Head trash impacts your family, your career, your goals, your friends, and your co-workers.

When you live with a lot of head trash, EVERYONE is a potential enemy. Every circumstance could be (and probably is) a threat in your mind.

Isn't This Self-Help, Woo-Woo Bull Malarky?

It may sound like it, but all of the most healthy, fulfilled, and happy people I know understand how to manage and eliminate head trash.

To me, the results speak for themselves.

Combatting head trash is simple to do but difficult to choose. Dumping head trash goes against our natural fight-or-flight instincts.

We have a whole portion of our brains called the amygdala that is DEDICATED to our most basic needs and fears. Some people call it the “lizard brain” because it's primitive and doesn't make us see situations for their true complexity. But it comes in HARD when we feel angry, scared, or persecuted.

When I was 19, there was that one time when I got that callback sheet that I KNEW WAS BS, so I balled it up and threw it at my supervisor… Yeah, that was the old amygdala at work.

I hear so many negative and angry people spouting what they call “the truth,” but then when they open their mouths, the only things that come out are their opinions, biases, and examples of gross exaggeration. There's very little objective “truth” to be found.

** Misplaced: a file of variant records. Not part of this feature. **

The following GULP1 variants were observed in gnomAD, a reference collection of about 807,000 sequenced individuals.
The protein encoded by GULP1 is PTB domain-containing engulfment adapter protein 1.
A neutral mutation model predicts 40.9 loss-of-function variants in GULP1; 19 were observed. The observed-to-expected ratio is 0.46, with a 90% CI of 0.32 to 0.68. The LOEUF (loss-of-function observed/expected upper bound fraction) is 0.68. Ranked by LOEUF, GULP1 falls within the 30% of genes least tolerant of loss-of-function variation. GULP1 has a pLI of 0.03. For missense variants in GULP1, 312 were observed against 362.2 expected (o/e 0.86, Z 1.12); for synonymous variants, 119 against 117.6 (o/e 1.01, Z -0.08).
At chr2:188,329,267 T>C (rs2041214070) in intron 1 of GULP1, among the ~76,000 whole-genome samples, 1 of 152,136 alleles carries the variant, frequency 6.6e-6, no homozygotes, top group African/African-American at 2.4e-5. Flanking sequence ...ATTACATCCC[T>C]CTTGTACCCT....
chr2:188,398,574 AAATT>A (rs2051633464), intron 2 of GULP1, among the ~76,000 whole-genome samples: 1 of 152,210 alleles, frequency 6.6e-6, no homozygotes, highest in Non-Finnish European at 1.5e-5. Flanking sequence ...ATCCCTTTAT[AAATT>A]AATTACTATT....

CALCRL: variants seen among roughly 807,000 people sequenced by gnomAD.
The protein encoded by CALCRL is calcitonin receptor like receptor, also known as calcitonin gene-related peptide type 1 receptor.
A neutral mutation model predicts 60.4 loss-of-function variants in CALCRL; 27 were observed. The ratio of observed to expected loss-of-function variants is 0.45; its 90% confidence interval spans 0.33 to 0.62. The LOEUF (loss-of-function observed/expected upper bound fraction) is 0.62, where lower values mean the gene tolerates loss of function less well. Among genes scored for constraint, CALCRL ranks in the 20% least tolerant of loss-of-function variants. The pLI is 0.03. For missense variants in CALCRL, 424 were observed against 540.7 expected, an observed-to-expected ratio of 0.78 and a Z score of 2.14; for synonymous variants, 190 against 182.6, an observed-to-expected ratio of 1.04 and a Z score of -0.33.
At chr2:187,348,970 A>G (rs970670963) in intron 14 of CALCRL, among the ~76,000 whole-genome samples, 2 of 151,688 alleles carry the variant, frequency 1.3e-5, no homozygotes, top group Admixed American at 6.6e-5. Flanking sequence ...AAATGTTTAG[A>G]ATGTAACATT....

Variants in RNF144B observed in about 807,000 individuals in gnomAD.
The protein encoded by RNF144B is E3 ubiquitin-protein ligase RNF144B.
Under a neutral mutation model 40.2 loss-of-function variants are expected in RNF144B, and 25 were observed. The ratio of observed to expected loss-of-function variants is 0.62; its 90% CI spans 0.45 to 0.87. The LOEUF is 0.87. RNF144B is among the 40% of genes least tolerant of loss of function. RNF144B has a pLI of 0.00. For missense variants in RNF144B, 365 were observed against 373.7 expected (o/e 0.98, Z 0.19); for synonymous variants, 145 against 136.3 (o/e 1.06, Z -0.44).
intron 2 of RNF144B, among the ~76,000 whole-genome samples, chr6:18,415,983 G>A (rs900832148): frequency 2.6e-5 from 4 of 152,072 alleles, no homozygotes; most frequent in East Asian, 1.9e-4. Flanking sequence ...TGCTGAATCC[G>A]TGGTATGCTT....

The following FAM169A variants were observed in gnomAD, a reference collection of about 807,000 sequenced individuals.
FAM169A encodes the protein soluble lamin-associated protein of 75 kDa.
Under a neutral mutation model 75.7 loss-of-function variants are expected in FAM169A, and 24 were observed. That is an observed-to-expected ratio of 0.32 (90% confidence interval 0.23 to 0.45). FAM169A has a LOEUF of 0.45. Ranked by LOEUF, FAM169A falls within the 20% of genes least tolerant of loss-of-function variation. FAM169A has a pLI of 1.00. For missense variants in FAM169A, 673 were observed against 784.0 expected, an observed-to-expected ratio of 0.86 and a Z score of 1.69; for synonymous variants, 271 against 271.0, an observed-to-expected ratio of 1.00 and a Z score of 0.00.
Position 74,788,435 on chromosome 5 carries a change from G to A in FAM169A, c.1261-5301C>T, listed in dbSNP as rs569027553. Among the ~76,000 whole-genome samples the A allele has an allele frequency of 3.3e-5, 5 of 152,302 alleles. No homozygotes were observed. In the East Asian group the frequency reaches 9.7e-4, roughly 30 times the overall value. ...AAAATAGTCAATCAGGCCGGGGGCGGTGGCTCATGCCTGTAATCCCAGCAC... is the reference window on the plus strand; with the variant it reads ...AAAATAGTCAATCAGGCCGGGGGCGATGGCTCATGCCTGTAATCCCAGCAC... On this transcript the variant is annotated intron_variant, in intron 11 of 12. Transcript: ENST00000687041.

Blaming and complaining is popular—even comfortable—but it's completely unproductive. The world has so many real problems you can work to solve without spending time thinking and talking about things you aren't doing anything about or attempting to fix.

Here are Ways to “Take Out” the Head Trash for Techs 

  • Think about the people you care most about and why you do what you do.
  • Remember that you chose and continue to choose your profession and where you work. You are COMPLETELY FREE to change at any time and find something you like better. You are in control of your career and decisions.
  • Consider your own weaknesses and mistakes. This will help you have more patience with others when they fail in different ways.
  • Remember that almost everyone values their own contributions and importance to an organization as unrealistically high, INCLUDING YOU.